With Lehtonen out, Jack Campbell has been called up from AHL Texas to be Antti Niemi‘s backup. The Stars host Vancouver Friday, with a game at Minnesota Saturday.

Campbell, the 11th overall pick in the 2010 draft, has struggled in the AHL this season, going 3-3-0 with an .873 save percentage.

The Stars have also recalled defenseman Patrik Nemeth.

Related: Campbell credits ECHL stint for turning his game around

Gleason ends tryout with ‘Canes

Tim Gleason, David Desharnais
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Tim Gleason has likely played his last NHL game. The 32-year-old defenseman has informed the Carolina Hurricanes that he no longer wishes to continue his professional tryout.

“Tim informed us today he wasn’t going to continue to pursue his tryout,” said GM Ron Francis, per the club’s website. “He looked and felt good physically, but didn’t feel up to the grind of the NHL mentally.”

Gleason started last season with Carolina before he was traded to Washington in February.

In his career, he’s played 727 NHL games, plus 32 more in the playoffs.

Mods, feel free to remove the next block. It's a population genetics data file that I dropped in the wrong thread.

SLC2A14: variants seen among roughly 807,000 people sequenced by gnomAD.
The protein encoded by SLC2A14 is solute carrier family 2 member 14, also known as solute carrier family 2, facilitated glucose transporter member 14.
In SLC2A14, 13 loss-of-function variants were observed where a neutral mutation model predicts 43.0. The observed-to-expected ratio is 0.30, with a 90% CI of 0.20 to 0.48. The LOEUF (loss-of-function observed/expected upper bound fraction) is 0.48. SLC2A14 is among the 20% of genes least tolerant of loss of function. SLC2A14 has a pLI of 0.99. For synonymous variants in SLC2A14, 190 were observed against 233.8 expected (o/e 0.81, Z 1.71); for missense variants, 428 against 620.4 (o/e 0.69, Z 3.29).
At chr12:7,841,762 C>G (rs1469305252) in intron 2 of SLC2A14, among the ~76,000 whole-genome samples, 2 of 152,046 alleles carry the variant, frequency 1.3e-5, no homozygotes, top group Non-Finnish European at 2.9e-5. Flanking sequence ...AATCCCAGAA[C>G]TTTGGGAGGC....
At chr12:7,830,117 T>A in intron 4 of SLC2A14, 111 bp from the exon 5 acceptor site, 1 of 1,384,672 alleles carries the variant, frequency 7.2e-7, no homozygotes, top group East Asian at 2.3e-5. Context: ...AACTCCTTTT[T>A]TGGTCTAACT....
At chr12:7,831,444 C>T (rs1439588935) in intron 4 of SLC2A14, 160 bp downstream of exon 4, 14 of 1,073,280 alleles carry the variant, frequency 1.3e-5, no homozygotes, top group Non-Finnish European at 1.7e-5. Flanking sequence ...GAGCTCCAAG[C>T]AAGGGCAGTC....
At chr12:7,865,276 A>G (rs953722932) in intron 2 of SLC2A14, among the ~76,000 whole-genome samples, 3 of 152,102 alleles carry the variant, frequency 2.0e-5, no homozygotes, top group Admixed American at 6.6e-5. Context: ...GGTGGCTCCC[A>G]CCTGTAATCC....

Isles call Strome back up

Ryan Strome, Johnny Boychuk
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Ryan Strome has been called back to the New York Islanders, the club announced this morning.

The 22-year-old returns to the NHL after eight games with AHL Bridgeport Sound. He had been sent there three weeks ago, after a tough start to the season.

Strome had two goals and two assists during his stint with the Tigers.

The Isles’ next game is Friday at Florida.

McLellan on Oilers’ loss to ‘Canes: ‘That’s a really disappointing effort from our hockey club’

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With the addition of Connor McDavid, 2015-16 was supposed to be the year Edmonton showed significant progress on the ice.

We’re less than two months into the season, McDavid’s out because of a broken clavicle, and the so-called progress just hasn’t been there.

On Wednesday, the Oilers hit a new low, as they were handed their fifth loss in their last six games at the hands of the Carolina Hurricanes.

Ryan Nugent-Hopkins opened the scoring in the first period, but Carolina answered with four unanswered goals by Jordan Staal, Elias Lindholm, Jeff Skinner and Andrej Nestrasil to win 4-1.

“We got outcompeted in the second period, badly,” Mark Letestu told the team’s website. “Whether it was little puck battles or even just executing on systems. It played right into their game. When you get behind a team like this that’s so dominant in the circle it’s tough to generate chances to come back. We didn’t deserve to win this one at all.”

As if things weren’t bad enough, the Oilers also lost Nail Yakupov to injury after a linesman (yes, a linesman) fell on top of him.

After the game, head coach Todd McLellan didn’t hold back:

Edmonton collected 14 points in the first 22 games of the 2014-15 season and after the same amount of games this year, they have just one more point.

They’re currently alone in last place.